It’s a hilly country we’re clinging to. Northwest Philadelphia is the beginning of the Piedmont region of Pennsylvania, which is usually characterized by rolling hills, or in our case, steep rocky slopes.
Philadelphians have been altering the landscape for so long, it can be hard to remember that there is pretty much no naturally flat ground in our area. Despite the elaborate retaining walls and embankment systems that have been constructed in our city throughout the last 300 years, inevitably there are some steeply sloping properties. I now own one of these, and have begun a mini-adventure in gardening on a slope. The learning curve, like the yard, is steep.
A year ago this 60 degree slope was covered in English ivy, Japanese honeysuckle, a couple of wild cherries, and many Norway maples, which had opportunistically taken over during the long time that the property was vacant. Most of the trees have been removed now, but the stumps and some of the vines were kept to help anchor the poor soil that hadn’t already washed into the street.
What’s new are about ten small trees, which will become much bigger if I can prevent them from falling out of the ground. It’s a challenge to get a tree settled in on a slope, because once it’s set in a hole one side is buried too deep, while on the other side the roots are still exposed. I solved this issue temporarily by pounding a couple of three foot long pieces of rebar into the ground in front of each planting location and wedging a plank on its edge behind it, like a stair riser. By backfilling the plank it created a fairly flat area in which to plant.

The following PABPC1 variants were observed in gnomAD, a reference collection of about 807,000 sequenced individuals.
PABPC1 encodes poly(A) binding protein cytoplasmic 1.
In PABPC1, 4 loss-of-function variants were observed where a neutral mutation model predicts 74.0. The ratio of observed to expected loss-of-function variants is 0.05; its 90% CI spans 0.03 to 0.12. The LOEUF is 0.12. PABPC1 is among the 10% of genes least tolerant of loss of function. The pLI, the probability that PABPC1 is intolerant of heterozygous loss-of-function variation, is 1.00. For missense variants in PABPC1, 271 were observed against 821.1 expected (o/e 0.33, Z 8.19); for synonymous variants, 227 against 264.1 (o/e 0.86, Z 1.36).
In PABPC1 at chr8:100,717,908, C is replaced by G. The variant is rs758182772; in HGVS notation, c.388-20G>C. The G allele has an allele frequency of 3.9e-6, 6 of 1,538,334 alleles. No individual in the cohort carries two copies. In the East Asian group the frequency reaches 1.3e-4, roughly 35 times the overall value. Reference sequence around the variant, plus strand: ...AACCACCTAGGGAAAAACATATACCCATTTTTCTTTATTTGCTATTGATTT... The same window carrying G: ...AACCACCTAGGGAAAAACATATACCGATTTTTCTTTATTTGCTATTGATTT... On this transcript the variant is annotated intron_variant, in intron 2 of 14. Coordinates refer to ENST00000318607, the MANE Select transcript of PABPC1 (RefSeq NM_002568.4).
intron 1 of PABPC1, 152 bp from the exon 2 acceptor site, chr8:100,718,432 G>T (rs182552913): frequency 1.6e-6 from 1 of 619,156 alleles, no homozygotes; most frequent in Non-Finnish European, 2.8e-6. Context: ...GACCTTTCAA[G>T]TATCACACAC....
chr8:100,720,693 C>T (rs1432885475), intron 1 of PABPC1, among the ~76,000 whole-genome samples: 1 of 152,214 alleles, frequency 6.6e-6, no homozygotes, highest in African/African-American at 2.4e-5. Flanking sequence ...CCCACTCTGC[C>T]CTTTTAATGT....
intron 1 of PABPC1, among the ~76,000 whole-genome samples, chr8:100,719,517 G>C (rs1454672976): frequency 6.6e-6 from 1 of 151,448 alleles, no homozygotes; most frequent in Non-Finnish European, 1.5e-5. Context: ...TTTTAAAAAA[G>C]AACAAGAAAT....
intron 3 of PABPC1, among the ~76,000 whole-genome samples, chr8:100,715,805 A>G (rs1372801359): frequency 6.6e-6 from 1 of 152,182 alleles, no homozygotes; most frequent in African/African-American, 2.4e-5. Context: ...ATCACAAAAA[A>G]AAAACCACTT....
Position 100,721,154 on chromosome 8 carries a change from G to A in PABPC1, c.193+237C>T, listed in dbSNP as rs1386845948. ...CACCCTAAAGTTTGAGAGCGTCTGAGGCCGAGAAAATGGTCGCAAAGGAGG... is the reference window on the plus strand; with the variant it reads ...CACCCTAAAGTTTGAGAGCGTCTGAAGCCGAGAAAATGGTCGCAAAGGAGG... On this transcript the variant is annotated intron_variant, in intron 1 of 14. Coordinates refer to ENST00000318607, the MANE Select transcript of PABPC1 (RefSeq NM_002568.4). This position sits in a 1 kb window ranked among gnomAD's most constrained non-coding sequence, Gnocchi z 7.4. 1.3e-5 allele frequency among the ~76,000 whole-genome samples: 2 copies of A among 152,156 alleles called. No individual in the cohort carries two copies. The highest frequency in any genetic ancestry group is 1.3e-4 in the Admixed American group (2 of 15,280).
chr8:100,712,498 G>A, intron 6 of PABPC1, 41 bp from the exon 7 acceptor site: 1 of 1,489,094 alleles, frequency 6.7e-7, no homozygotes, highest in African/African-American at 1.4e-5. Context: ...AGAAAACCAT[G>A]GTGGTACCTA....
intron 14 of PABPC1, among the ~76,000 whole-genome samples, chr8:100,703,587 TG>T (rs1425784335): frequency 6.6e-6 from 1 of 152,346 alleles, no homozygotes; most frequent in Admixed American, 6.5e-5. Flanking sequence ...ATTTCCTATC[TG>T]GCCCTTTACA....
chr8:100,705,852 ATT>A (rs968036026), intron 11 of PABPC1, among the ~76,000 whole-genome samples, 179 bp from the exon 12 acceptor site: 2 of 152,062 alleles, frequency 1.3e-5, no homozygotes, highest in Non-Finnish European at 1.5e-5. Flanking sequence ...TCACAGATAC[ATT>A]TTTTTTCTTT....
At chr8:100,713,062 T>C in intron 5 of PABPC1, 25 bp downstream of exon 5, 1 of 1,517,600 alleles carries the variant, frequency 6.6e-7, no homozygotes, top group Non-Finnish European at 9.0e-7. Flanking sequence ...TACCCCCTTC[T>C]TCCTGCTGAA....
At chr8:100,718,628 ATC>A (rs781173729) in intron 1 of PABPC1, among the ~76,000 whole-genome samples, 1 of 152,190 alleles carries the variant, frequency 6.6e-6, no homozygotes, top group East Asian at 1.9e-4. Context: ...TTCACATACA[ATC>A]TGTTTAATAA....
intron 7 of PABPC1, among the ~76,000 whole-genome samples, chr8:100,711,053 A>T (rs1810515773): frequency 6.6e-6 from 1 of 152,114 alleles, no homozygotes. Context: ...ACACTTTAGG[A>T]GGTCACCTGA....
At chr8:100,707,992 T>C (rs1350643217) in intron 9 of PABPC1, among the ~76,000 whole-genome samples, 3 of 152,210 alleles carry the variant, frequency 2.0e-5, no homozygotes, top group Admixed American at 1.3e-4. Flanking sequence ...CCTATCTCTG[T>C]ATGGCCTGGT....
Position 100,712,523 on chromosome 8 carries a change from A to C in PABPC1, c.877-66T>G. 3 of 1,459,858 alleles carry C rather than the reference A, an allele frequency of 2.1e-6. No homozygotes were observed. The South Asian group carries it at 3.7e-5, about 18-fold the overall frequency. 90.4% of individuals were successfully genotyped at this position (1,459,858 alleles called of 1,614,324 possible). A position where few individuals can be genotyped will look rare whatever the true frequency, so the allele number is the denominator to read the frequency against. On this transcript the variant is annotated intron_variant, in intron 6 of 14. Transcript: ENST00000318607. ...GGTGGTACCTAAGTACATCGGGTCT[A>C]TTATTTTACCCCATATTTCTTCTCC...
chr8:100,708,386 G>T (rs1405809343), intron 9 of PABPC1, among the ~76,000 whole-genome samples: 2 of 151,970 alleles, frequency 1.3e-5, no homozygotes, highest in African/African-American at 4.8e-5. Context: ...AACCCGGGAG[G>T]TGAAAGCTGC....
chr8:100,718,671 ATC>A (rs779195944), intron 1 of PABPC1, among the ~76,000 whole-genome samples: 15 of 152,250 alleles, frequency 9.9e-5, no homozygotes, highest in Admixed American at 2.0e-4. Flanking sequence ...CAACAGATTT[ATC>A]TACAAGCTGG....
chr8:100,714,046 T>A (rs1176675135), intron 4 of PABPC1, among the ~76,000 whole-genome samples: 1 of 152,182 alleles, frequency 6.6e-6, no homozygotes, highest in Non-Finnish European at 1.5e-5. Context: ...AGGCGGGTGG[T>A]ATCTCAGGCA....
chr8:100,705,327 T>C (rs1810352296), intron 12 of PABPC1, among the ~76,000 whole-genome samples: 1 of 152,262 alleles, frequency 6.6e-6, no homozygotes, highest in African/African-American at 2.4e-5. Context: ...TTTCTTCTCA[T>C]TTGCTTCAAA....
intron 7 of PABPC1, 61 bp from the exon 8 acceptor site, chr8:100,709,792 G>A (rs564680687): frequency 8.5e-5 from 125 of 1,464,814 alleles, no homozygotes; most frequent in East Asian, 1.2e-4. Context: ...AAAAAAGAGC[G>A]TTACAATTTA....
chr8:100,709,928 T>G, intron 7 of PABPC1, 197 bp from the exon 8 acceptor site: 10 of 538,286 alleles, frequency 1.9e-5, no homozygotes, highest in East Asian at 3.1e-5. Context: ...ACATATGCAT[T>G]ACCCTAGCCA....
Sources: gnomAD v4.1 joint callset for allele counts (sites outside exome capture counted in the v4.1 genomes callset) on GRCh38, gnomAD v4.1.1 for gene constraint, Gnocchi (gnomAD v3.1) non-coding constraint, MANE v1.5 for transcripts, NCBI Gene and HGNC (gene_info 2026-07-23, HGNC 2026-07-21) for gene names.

The planks are still solid, although eventually they’ll begin to rot. Hopefully by then the tree roots will have grown into the soil enough so the tree won’t topple over, otherwise I’ll have to put in some new boards.
When choosing what I wanted to plant, I thought about trees that I often see on sloped locations. Eastern Red Cedar was the easy one. This is the evergreen that you see on the sides of the highways up and down the East Coast. It’s very tough, and the birds really like the tiny cones. It’s not considered a very genteel tree, and so it can be difficult to find but worth seeking out.
I also put in some old fashioned crab apples, on the theory that since a lot of the orchards I’ve visited are on hills, they might handle a slope better than other trees.
So far, so good. Everything has stayed perfectly upright for three months (except the perennials, but I’ll go into that on my next post.) But it looks like the slope’s first real test of its mettle may come this weekend. Hurricane Irene, are you going to spare my slope, or will you topple my trees?